Rothbury Michigan’s four day music festival (June 27-June 30) Electric Forest is one of the most buzzed about festivals of the summer, so the choice was easy to investigate on behalf of Fake Plastic Tunes. The festival has been said to be “The String Cheese Incident’s Festival,” but whether you’re a fan or not the festival booked an incredibly diverse lineup, so there is music for everyone. Having attended similar festivals in the past with similar lineups (such as Camp Bisco, RE:Generation) the question I still needed to answer was; What sets Electric Forest apart from the rest?
Day 1 & 2
I arrived late Thursday night just shy of 2am, no thanks to the typical Chicago traffic, unfortunately missing bands such as Lotus and EOTO who I later heard put on one of their best sets to date (which seemed to be a recurring theme throughout the festival weekend). With Thursday gone I had my work cut out for me Friday. Doldrums were first on my schedule at the Tripolee Stage, but with a last minute cancellation I was able to catch the New Orleans brass band known as Trombone Shorty at the Ranch Stage. I’ve never been a fan of the song “American Woman”, but the group covered it and was dialed in. Frontman Troy Andrews not only played trombone, but also sang on a number of songs.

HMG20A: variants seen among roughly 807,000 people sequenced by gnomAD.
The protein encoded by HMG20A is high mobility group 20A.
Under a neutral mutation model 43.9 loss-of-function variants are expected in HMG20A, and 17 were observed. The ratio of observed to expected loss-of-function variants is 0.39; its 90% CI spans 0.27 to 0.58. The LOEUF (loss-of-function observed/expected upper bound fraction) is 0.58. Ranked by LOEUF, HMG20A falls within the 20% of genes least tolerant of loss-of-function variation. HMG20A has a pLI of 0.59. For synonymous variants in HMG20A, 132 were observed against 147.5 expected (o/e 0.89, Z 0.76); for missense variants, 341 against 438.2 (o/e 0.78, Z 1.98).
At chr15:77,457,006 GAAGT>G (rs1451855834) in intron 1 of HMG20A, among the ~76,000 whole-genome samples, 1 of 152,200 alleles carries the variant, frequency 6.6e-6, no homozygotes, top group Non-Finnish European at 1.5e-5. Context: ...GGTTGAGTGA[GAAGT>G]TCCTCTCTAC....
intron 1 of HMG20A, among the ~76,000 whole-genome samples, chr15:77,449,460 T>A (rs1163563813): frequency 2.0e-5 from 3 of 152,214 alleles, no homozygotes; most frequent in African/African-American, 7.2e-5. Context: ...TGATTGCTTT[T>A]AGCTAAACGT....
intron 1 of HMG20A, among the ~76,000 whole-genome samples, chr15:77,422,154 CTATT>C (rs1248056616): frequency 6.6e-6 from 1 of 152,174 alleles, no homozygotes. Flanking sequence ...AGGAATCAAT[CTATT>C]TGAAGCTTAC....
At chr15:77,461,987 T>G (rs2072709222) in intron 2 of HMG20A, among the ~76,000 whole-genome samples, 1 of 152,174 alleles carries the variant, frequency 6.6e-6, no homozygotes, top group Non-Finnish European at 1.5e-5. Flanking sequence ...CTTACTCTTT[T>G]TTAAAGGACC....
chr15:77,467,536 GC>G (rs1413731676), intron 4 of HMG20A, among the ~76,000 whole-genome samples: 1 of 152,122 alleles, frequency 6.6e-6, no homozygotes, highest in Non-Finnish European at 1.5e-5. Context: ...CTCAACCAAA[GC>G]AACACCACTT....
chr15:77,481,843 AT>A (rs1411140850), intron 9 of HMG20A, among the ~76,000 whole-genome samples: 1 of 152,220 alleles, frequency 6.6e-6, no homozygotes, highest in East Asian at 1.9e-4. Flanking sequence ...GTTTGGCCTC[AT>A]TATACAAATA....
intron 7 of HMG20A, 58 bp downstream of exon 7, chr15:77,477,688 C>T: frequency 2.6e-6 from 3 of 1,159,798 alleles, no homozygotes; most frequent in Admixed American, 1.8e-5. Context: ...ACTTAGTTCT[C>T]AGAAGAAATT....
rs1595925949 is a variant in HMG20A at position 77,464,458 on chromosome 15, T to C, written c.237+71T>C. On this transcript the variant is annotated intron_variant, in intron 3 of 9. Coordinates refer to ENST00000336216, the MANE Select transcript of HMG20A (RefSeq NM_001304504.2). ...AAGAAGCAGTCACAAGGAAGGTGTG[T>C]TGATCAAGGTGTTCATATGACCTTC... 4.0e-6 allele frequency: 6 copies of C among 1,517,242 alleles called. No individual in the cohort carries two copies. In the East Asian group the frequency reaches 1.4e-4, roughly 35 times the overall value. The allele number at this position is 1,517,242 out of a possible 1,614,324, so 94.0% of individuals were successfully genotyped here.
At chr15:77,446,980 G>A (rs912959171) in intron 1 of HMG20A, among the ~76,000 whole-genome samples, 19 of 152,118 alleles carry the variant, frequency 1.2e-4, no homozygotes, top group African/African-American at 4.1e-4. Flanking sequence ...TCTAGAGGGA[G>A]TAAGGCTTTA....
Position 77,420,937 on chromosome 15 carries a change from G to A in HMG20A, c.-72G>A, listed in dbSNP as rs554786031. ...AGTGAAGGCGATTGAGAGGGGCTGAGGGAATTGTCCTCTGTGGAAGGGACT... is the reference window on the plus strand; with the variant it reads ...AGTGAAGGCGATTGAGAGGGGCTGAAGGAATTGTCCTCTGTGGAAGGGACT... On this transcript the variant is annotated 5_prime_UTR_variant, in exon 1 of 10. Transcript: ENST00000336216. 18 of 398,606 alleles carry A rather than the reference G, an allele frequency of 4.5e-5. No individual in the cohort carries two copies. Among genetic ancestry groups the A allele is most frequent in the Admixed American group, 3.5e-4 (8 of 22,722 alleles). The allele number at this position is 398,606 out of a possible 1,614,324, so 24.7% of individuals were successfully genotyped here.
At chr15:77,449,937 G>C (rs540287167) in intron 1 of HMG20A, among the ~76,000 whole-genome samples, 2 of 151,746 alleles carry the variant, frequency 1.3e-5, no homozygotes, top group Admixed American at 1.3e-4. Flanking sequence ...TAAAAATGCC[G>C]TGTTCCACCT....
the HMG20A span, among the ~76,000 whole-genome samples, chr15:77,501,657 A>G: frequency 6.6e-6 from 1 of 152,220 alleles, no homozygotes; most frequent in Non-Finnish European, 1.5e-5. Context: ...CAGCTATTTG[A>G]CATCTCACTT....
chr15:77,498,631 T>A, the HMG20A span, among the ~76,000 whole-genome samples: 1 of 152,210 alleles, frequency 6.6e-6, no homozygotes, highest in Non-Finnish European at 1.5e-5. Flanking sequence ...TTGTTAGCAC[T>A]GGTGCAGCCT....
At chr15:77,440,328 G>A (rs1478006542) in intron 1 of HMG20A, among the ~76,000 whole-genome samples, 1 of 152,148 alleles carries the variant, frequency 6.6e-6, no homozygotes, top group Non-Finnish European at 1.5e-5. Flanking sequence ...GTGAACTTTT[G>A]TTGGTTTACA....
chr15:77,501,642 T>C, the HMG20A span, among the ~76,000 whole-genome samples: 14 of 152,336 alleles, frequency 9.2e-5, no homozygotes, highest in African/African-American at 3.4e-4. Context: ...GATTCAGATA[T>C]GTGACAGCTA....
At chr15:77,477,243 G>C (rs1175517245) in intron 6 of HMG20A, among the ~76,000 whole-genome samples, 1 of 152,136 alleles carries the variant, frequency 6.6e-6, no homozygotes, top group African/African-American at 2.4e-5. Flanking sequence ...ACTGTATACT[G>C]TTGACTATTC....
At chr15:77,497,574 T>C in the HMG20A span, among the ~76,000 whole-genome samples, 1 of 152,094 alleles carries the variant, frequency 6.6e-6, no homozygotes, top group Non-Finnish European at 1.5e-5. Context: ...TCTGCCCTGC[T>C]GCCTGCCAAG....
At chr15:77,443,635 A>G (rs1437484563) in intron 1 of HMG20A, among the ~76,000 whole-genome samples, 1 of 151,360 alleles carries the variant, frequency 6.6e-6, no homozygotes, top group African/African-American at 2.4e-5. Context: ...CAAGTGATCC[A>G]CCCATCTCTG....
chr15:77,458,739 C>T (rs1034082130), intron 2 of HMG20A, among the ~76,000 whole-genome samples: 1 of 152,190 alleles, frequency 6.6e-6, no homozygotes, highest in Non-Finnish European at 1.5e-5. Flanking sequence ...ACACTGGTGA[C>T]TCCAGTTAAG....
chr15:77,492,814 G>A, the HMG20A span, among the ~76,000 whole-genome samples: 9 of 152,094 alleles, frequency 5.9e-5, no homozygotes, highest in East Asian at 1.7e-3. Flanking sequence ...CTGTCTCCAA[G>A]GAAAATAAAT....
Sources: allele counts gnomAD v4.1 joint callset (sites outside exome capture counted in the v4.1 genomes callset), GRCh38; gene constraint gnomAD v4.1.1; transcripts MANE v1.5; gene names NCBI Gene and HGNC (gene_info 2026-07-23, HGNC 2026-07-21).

Next, I walked in over to the Tripolee Stage, and joined an eager crowd watching Milkman, who resembled Justice quite a bit, strangely enough mixing a rendition of the song “D.A.N.C.E.”. The music quickly became a bit heavy, gravitating a little too closely towards the Dubstep genre for my liking, but being up front I had the opportunity to check out the live painting that was occurring during the set. Still eager to experience the forest, I held off and stuck around to catch Baauer, another EDM act who’s name is becoming more and more popular for one reason or another (mainly the internet meme “The Harlem Shake”), but the guy definitely knows how to work a crowd. At one point I was having difficulty shooting photos due to the vibrating structure I was standing on.
Finally it was time to check out the Sherwood Stage, the furthest stage with only one obstacle, The Sherwood Forest. Located in between the Ranch Stage and the Sherwood Stage, the entrance was elegantly lit up along with an impressive array of lights that shined, flickered, glowed and glimmered off in the distance, something that needs to be seen and experienced to be fully appreciated. Mesmerized, I powered through to the Sherwood Stage to catch DFA Records native, Holy Ghost! who put on one of the most memorable sets of the weekend. Following shortly after Passion Pit rushed the stage to put on the most energetic performance I have seen from them, with frontman Michael Angelako’s vocal ability to hit the high notes especially on songs like the “Reeling” from their debut LP Manners. The group seemed somewhat in shock by the positive feedback from the populous crowd even as they blasted through an incredible set featuring crowd pleasers such as “Carried Away,” “Moth Wings,” and of course “Sleepyhead.”